Holocaust survivor Dr. Viktor E. Frankl, in his seminal work, “Man’s Search of Meaning,” wrote: “Everything can be taken from a man but one thing: the last of the human freedoms — to choose one’s attitude in any given set of circumstances — to choose one’s own way.”
In the face of hate crimes, we as a community must choose our way. Do we ignore it, or condemn it?
In April 2007, vandals broke into the Scotts Valley High School gymnasium and defaced it with swastikas and racial epithets. This crime occurred shortly after the discovery on campus of “white pride” leaflets containing that polarizing emblem of hate, the Nazi swastika. Students, teachers, staff, parents and community leaders spoke out at an assembly. The message was one of tolerance and steadfast condemnation of hate crimes.
Unfortunately, the voices of hate remain. A few months ago, Santa Cruz County sheriff’s deputies contacted two men distributing ku klux klan leaflets. In July, vandals defaced our local skate park with racist graffiti and swastikas.
We have embarked on another school year, and it is appropriate to address hate crime again. In California, you can be a victim of a hate crime if you have been targeted because of race, ethnicity, nationality, religion, gender, sexual orientation, physical or mental disability, or even association with a person or group with one or more of these real or perceived characteristics.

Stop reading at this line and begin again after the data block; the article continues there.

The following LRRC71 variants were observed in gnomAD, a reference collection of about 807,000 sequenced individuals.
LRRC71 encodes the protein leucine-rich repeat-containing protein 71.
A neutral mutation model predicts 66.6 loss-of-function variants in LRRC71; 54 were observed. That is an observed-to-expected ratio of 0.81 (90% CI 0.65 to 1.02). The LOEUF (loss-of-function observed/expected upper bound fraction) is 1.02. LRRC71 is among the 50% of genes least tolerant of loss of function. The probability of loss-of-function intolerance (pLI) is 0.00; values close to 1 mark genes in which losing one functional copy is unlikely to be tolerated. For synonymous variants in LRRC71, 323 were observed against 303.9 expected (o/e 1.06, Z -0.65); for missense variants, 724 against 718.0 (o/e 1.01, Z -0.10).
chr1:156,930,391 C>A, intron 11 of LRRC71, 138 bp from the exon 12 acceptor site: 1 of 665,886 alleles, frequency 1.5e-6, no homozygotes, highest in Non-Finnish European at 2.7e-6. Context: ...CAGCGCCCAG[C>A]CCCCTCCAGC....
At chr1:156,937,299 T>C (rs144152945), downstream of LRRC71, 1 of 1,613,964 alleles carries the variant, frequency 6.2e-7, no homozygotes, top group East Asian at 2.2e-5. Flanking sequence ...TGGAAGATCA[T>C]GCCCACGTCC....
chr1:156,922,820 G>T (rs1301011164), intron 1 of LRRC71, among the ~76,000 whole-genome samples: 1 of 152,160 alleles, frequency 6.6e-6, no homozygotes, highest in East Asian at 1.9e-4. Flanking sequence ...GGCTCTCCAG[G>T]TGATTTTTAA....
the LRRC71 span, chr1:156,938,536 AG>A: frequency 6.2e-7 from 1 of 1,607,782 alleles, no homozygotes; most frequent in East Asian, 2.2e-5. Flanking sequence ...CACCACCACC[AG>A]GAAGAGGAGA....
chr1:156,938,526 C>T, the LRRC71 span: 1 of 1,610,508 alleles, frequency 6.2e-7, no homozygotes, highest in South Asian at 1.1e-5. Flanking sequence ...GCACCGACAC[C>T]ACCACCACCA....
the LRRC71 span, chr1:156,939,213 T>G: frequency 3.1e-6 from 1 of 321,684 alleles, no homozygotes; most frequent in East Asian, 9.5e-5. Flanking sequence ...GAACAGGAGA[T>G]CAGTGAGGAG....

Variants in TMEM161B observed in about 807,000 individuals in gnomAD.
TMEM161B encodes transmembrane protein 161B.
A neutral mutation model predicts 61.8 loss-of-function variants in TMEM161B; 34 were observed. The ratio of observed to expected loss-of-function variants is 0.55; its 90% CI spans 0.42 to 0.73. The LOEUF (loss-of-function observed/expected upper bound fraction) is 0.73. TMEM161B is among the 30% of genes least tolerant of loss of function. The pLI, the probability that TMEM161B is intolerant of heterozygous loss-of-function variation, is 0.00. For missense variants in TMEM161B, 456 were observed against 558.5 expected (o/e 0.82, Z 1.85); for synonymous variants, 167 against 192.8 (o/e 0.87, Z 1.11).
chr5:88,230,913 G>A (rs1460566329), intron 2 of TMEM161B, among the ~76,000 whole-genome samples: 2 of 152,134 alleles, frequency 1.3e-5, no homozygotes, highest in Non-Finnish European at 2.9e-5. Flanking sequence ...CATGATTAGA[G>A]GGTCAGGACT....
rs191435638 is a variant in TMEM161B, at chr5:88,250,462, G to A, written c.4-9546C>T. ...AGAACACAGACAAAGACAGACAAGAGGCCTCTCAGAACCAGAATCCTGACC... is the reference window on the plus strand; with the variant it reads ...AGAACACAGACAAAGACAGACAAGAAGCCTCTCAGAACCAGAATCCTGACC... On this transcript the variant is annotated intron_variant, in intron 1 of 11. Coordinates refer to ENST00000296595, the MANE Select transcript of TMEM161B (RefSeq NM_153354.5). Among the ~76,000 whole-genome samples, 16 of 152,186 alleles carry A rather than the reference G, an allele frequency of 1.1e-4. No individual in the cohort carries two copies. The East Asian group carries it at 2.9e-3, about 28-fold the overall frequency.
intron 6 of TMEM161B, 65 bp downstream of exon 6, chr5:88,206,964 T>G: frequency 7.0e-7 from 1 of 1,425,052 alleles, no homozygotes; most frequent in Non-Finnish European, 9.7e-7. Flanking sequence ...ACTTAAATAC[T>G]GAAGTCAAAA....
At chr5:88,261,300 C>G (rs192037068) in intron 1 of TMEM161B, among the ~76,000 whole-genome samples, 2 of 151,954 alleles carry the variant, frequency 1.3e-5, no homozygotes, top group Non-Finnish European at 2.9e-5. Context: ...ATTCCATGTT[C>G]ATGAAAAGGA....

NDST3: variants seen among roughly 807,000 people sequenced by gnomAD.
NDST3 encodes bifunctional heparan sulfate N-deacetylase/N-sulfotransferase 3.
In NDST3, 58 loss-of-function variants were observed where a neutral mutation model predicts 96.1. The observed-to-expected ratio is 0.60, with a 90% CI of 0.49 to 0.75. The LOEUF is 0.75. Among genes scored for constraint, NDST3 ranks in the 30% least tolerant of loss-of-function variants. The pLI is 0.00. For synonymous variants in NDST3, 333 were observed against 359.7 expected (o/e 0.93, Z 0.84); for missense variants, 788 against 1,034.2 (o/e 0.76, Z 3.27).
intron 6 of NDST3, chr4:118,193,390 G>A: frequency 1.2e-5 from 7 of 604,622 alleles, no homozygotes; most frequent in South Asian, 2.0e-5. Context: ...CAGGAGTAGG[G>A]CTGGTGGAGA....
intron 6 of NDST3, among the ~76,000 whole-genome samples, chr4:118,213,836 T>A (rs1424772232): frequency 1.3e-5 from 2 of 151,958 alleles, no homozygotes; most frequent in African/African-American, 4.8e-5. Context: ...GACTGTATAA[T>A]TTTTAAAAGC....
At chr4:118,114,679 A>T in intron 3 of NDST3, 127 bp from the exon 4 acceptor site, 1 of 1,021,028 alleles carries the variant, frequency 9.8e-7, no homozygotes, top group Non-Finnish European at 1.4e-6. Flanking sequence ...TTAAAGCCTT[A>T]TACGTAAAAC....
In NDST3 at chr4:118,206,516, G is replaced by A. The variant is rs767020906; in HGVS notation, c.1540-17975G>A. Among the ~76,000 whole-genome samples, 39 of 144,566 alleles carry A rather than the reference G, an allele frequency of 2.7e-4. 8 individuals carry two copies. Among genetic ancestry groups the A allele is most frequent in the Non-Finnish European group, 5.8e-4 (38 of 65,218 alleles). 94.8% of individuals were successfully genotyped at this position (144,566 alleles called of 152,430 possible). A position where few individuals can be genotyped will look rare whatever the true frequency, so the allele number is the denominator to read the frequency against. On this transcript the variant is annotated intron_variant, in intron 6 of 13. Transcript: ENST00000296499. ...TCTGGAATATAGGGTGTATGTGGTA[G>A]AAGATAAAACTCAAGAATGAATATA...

According to the California Attorney General’s Office, a hate crime is a criminal act or attempted act committed against a victim or property because the victim is, or is perceived to be, a member of a protected class, and a victim can include an entity or group. It is important to differentiate between hate crimes and hate incidents.
A hate incident is an action or behavior that is motivated by hate, but is protected by the First Amendment right to freedom of expression. Examples of hate incidents can include name calling, epithets, distribution of material in public places, and the display of offensive hate-motivated material on one’s private property.
If this type of behavior escalates to threats being made or carried out against a person or property, then it would be classified as a hate crime.
Schools are unique environments, however, and their policies forbid distributing offensive materials, making offensive remarks, bullying, etc.
The Anti-Defamation League notes that a student has the right to learn in an environment free from harassment and discrimination based on race, religion, color, gender, national origin, disability or sexual orientation. Students should educate themselves on their school policies and be able to report any hate-related incidents to a teacher, administrator, parent or trusted adult.
The Scotts Valley Police Department also stands ready to investigate and prosecute hate crimes. We encourage community members to learn more by consulting the Department of Justice and Anti-Defamation League Web sites.
As Abraham Lincoln said in his first inaugural address: “We are not enemies, but friends. We must not be enemies.”
Truly, if we consult “the better angels of our nature,” we will foster a community that stands united against the ugliness of hate crime.
John P. Weiss has been a Scotts Valley police officer since 1990.